5 Basic Cooking Techniques for Students

Students don’t have to live on cold pizza and peanut butter sandwiches. Learn a few basic cooking techniques to cook for yourself while in school.

1. Roast

Roasting is a simple technique of cooking foods uncovered in the oven at a high temperature. This can make meats tender and vegetables soft and caramelized. Roasting works best with firm vegetables such as squash or sweet potatoes, as well as larger cuts of meat like whole chickens or a roast. To roast, preheat oven to 450 degrees. Place vegetables in a large roasting pan and put meat on top. Season with salt and pepper and bake approximately 45 minutes.

2. Boil

Boiling is bringing water up to a high temperature, thus its boiling point. Most often, pasta is boiled. To boil pasta, fill a pot about two-thirds full of water and add about 1-2 tablespoons of salt. Bring to a boil on high heat, then add the desired pasta and cook for about 8-10 minutes.

3. Grill

Grilling is a popular technique used to cook just about anything. While traditionalists require a charcoal grill, a gas grill or even a cast iron grill pan for the stove top can do the job. The grilling surface should be cleaned, then preheated before placing food items on it. Be sure to coat the grill or the food with oil prior to placing on the hot grill to keep it from sticking. For a comprehensive look at how to grill different foods, check out How to Grill Almost Anything.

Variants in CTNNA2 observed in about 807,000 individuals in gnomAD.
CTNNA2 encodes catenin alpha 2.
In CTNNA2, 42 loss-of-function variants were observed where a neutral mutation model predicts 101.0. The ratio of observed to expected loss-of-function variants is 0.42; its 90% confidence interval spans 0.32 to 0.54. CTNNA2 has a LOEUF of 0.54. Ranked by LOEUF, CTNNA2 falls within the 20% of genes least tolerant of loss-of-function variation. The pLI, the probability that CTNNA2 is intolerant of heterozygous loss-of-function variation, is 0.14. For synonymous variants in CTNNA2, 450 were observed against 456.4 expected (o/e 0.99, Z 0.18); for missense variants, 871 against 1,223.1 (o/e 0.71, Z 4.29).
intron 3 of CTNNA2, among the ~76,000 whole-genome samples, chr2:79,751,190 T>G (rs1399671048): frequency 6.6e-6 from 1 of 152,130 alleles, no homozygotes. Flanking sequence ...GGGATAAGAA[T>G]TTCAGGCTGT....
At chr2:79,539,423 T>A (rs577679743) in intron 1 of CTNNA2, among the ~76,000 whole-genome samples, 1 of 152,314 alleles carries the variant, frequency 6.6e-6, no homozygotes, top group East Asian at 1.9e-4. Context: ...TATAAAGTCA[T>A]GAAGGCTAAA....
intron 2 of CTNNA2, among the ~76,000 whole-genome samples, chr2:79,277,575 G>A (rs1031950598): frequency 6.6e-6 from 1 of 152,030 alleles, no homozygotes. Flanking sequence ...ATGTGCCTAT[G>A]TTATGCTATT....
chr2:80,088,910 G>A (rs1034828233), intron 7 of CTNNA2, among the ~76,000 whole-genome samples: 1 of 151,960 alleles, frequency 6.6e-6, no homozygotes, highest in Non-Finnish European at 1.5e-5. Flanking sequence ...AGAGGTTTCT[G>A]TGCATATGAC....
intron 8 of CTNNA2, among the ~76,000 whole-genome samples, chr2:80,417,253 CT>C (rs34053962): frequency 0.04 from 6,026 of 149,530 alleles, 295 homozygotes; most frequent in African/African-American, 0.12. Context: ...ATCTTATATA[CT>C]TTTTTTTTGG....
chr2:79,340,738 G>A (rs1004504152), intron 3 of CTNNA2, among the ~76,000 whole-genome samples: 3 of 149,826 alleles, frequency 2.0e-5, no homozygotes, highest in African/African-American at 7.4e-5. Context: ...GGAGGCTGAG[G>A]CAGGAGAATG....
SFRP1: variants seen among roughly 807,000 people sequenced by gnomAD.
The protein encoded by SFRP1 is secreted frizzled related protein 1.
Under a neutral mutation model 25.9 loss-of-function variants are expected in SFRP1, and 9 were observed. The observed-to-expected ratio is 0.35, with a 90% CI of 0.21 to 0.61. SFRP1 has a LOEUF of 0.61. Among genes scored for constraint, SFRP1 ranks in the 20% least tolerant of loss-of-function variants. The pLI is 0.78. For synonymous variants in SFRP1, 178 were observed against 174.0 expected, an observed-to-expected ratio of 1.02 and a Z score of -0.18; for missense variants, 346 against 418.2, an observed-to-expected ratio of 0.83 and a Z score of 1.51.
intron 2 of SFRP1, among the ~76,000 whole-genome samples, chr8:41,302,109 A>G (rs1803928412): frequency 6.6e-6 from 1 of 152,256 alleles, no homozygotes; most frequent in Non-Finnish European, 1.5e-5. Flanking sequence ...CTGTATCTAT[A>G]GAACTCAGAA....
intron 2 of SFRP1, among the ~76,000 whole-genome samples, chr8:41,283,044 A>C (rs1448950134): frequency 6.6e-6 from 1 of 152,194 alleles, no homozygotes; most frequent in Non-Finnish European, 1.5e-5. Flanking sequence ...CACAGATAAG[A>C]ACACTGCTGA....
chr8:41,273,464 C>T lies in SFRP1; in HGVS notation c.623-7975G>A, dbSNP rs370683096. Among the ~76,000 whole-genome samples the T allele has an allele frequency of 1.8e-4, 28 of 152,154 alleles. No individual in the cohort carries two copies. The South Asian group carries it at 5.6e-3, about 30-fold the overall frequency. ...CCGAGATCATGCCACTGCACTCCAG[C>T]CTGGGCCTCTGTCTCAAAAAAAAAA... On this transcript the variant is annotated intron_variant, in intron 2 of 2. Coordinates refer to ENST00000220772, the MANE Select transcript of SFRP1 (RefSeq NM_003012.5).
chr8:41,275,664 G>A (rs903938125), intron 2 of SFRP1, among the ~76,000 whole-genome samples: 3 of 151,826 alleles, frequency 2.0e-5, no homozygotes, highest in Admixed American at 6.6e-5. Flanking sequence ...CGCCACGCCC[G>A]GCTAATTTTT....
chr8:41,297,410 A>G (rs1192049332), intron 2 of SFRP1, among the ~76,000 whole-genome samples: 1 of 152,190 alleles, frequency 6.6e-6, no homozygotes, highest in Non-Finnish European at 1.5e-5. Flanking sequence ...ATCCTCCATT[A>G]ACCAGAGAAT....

4. Saute

Sauteeing is a way to cook something in a small amount of liquid, most commonly boneless chicken breasts or thin-cut pork chops. To saute, heat a small amount of oil in a saute pan or skillet on medium heat. Next, add meat and allow to cook for a few minutes on each side until golden brown. (Note: a good indication of when the meat is ready to be turned is when it no longer sticks to the pan.)

5. Fry

Frying is a technique of cooking items quickly in hot oil. To fry, begin with a large skillet or pan. Add enough vegetable oil to cover the bottom of the pan by about half an inch. Heat oil to medium heat and coat the items you plan to fry with flour. To test if the oil is hot enough, toss in a pinch of flour; if it sizzles, the oil is ready. Slowly and carefully drop in the items to be cooked, ensuring that there is enough room for them to float in a single layer. When they begin to brown, turn them to cook evenly. When finished, remove the pieces and allow to cool for a few minutes on a paper towel before serving.

Louise Baker is a freelance blogger who usually writes about online degrees for Zen College Life. Her most recent article ranked the best online schools.

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